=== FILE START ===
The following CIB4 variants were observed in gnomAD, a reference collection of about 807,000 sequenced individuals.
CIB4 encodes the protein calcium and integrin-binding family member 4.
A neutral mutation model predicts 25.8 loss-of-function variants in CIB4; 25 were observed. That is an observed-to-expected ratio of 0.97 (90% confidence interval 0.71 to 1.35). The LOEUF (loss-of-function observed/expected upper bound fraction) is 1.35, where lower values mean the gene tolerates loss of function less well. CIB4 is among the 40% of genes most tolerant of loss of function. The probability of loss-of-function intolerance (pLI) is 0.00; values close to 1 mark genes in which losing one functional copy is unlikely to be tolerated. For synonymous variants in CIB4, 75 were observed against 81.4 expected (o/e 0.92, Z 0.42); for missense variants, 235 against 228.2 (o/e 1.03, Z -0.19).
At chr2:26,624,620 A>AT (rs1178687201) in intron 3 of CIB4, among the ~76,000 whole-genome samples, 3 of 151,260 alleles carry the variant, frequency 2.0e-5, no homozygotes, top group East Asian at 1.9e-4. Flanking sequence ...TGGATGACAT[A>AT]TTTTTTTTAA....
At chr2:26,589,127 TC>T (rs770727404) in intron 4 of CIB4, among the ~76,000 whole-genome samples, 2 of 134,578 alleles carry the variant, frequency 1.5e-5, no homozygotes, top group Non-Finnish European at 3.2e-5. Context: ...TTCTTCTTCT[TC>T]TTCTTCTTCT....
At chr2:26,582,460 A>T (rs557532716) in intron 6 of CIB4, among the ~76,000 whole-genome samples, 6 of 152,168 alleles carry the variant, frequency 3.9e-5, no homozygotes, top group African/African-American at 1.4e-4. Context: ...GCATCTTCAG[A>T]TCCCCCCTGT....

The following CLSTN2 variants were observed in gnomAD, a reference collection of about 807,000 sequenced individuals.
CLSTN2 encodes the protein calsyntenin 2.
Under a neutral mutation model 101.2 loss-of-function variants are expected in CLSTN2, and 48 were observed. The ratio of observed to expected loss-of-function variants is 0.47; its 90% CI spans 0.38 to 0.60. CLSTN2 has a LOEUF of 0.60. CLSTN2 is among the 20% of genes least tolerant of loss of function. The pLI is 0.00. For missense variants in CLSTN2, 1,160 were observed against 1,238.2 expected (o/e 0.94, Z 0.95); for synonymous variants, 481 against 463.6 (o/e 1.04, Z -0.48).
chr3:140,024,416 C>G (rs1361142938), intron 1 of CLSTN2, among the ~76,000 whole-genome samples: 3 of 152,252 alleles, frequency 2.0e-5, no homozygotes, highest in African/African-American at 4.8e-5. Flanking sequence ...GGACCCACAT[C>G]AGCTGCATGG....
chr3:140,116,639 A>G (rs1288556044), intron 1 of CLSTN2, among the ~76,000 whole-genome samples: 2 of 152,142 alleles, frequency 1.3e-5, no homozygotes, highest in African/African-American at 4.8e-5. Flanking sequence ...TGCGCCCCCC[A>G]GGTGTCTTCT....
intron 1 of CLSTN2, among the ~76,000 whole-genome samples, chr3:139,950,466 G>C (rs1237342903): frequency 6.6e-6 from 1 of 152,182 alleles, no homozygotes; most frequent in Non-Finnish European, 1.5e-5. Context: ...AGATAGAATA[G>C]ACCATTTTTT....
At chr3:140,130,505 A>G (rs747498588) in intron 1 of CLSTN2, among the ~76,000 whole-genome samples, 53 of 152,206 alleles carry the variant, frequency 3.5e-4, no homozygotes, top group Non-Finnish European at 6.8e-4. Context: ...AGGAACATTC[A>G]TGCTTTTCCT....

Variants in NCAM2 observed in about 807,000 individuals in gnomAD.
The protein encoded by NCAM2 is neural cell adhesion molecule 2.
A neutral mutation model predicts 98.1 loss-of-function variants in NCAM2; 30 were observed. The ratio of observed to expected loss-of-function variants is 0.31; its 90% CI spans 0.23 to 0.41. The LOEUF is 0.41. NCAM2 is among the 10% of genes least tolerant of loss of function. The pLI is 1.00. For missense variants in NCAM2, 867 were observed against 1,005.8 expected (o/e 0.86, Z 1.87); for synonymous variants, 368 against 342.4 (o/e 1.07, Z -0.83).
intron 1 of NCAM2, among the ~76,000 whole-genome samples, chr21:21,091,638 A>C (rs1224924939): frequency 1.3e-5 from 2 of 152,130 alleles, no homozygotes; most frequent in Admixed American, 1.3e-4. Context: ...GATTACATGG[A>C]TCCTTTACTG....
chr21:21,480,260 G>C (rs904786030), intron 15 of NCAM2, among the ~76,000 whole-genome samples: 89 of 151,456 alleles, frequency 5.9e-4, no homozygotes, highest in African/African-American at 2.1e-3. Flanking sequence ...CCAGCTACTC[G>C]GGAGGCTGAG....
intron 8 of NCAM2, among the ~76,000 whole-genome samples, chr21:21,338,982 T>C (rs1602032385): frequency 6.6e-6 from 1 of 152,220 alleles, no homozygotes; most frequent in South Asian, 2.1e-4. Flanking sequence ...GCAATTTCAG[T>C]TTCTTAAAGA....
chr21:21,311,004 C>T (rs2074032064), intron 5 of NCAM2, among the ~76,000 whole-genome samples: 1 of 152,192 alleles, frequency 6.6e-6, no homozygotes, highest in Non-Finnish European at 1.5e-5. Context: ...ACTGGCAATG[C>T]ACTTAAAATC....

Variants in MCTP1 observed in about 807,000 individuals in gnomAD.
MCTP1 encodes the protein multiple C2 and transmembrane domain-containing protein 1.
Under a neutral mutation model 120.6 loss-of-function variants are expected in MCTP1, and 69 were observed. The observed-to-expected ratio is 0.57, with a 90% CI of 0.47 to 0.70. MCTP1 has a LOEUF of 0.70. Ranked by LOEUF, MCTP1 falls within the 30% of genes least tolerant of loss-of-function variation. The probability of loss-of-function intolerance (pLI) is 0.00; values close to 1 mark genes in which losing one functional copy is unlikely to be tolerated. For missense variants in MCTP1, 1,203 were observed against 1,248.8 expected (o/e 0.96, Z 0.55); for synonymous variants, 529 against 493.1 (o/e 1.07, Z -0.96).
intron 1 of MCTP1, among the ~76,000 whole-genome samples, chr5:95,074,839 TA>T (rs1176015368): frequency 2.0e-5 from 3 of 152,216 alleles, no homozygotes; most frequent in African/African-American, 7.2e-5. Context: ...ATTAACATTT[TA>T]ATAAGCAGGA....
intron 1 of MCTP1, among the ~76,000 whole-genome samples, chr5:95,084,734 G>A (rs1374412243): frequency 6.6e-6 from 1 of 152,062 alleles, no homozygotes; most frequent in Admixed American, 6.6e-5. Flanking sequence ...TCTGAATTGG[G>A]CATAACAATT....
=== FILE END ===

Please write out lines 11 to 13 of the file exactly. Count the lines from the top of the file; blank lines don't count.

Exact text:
chr3:140,116,639 A>G (rs1288556044), intron 1 of CLSTN2, among the ~76,000 whole-genome samples: 2 of 152,142 alleles, frequency 1.3e-5, no homozygotes, highest in African/African-American at 4.8e-5. Flanking sequence ...TGCGCCCCCC[A>G]GGTGTCTTCT....
intron 1 of CLSTN2, among the ~76,000 whole-genome samples, chr3:139,950,466 G>C (rs1237342903): frequency 6.6e-6 from 1 of 152,182 alleles, no homozygotes; most frequent in Non-Finnish European, 1.5e-5. Context: ...AGATAGAATA[G>C]ACCATTTTTT....
At chr3:140,130,505 A>G (rs747498588) in intron 1 of CLSTN2, among the ~76,000 whole-genome samples, 53 of 152,206 alleles carry the variant, frequency 3.5e-4, no homozygotes, top group Non-Finnish European at 6.8e-4. Context: ...AGGAACATTC[A>G]TGCTTTTCCT....